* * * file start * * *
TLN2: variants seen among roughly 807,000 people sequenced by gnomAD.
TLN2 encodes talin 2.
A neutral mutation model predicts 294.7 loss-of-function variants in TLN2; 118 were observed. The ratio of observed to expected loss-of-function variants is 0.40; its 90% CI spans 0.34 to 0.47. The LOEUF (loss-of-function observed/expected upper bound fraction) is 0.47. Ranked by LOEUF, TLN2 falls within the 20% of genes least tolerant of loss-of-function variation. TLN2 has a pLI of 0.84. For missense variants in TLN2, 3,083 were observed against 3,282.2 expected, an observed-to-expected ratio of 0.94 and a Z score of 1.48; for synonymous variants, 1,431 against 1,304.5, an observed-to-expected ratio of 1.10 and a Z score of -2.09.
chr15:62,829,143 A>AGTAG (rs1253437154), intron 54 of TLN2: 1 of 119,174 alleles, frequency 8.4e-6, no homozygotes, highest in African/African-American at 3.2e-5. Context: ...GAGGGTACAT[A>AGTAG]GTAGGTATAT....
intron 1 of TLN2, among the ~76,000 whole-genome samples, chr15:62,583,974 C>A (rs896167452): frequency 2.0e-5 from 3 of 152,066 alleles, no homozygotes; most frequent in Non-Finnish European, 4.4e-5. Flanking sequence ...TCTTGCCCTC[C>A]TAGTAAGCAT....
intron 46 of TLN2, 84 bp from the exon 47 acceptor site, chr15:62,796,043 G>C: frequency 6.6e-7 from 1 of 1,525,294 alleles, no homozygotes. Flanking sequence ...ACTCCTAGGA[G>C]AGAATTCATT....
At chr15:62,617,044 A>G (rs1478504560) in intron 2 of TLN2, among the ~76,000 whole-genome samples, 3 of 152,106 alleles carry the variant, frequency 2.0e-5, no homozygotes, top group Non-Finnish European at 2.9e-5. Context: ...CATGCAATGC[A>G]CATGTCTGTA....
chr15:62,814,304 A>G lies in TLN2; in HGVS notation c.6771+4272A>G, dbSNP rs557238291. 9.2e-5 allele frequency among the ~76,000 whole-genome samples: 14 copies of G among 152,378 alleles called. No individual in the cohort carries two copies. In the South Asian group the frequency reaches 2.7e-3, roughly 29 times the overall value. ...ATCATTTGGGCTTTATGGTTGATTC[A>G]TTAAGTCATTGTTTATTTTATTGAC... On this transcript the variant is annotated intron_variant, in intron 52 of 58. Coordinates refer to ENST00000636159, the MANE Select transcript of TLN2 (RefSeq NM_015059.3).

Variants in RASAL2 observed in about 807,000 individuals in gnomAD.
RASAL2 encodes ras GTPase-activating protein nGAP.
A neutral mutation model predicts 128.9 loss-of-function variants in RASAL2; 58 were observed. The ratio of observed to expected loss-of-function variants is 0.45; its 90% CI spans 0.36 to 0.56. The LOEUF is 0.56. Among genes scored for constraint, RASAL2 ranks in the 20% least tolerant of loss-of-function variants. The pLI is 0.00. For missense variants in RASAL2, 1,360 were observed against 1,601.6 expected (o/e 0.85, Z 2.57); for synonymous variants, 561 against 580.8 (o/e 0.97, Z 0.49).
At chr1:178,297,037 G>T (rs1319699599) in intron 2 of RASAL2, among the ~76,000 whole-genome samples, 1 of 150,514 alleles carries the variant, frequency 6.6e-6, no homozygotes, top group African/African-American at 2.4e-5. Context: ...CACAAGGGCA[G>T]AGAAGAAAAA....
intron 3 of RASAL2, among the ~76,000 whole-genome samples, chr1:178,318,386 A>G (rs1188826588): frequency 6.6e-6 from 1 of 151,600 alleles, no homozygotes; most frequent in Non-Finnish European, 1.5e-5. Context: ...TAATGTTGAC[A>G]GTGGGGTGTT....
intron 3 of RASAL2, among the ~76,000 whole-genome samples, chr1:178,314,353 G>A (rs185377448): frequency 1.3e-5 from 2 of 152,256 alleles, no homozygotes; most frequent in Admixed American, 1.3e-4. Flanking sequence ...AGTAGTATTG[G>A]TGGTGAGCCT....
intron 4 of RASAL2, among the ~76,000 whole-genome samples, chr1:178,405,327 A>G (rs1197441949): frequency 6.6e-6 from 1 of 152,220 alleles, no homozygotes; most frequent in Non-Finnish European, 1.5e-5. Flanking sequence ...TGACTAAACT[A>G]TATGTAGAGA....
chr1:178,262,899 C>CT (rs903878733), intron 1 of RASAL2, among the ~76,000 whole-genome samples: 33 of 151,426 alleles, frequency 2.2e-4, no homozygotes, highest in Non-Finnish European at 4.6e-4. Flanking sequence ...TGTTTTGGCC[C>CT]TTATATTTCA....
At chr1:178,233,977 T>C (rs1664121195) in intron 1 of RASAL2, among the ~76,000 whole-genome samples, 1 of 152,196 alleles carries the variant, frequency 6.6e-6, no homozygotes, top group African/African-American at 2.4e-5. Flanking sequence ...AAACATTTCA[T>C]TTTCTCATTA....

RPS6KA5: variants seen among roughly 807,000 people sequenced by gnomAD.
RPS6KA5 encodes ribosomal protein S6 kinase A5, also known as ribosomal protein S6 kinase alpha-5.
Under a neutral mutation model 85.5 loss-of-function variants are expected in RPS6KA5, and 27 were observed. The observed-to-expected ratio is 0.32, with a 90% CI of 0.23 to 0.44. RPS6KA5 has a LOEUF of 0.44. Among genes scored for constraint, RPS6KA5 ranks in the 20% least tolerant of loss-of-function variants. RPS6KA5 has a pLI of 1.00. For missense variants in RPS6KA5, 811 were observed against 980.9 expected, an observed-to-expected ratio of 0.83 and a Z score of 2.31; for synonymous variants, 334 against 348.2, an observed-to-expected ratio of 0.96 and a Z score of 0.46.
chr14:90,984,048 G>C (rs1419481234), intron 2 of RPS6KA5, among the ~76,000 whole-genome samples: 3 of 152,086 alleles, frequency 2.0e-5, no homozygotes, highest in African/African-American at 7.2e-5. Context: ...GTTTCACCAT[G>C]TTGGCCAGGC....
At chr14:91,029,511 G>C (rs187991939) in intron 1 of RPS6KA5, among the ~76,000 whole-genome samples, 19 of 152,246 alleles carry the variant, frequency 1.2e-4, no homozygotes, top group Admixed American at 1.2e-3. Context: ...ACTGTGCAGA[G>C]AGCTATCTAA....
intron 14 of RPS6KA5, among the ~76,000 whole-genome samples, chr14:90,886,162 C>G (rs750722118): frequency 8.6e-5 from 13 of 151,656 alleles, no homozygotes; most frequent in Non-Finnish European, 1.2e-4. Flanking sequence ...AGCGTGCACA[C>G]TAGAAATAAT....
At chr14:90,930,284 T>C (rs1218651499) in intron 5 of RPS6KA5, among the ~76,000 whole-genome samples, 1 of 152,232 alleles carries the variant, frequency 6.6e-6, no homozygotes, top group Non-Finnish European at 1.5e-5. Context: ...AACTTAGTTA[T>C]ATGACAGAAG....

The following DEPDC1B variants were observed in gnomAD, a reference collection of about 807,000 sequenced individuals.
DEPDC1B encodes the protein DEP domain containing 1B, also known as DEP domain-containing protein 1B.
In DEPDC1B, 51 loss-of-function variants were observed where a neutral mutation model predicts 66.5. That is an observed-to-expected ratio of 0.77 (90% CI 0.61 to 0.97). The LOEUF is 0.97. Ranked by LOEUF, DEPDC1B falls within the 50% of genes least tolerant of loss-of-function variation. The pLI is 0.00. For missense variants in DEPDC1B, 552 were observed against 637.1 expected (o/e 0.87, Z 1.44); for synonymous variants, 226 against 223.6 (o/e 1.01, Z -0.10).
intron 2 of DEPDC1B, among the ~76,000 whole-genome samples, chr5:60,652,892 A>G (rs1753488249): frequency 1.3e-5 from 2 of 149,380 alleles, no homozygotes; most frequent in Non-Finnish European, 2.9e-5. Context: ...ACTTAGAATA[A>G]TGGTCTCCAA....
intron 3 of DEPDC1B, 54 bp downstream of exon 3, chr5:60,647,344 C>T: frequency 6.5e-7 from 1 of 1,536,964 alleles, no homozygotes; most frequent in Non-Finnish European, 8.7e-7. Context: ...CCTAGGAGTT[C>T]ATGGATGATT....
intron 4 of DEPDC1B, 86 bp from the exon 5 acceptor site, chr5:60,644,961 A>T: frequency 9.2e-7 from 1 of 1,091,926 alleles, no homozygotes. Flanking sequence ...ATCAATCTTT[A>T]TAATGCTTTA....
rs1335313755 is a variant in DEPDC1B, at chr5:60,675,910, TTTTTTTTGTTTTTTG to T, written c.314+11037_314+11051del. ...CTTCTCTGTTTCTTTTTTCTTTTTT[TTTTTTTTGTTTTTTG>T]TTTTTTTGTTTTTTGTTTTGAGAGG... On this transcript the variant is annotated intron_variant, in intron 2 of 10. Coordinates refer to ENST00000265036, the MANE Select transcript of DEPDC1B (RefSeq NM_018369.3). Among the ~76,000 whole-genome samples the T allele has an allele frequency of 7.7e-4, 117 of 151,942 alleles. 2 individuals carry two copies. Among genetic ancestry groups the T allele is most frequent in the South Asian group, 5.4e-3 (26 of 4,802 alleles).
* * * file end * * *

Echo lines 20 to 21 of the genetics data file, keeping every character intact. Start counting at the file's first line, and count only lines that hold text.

Under a neutral mutation model 85.5 loss-of-function variants are expected in RPS6KA5, and 27 were observed. The observed-to-expected ratio is 0.32, with a 90% CI of 0.23 to 0.44. RPS6KA5 has a LOEUF of 0.44. Among genes scored for constraint, RPS6KA5 ranks in the 20% least tolerant of loss-of-function variants. RPS6KA5 has a pLI of 1.00. For missense variants in RPS6KA5, 811 were observed against 980.9 expected, an observed-to-expected ratio of 0.83 and a Z score of 2.31; for synonymous variants, 334 against 348.2, an observed-to-expected ratio of 0.96 and a Z score of 0.46.
chr14:90,984,048 G>C (rs1419481234), intron 2 of RPS6KA5, among the ~76,000 whole-genome samples: 3 of 152,086 alleles, frequency 2.0e-5, no homozygotes, highest in African/African-American at 7.2e-5. Context: ...GTTTCACCAT[G>C]TTGGCCAGGC....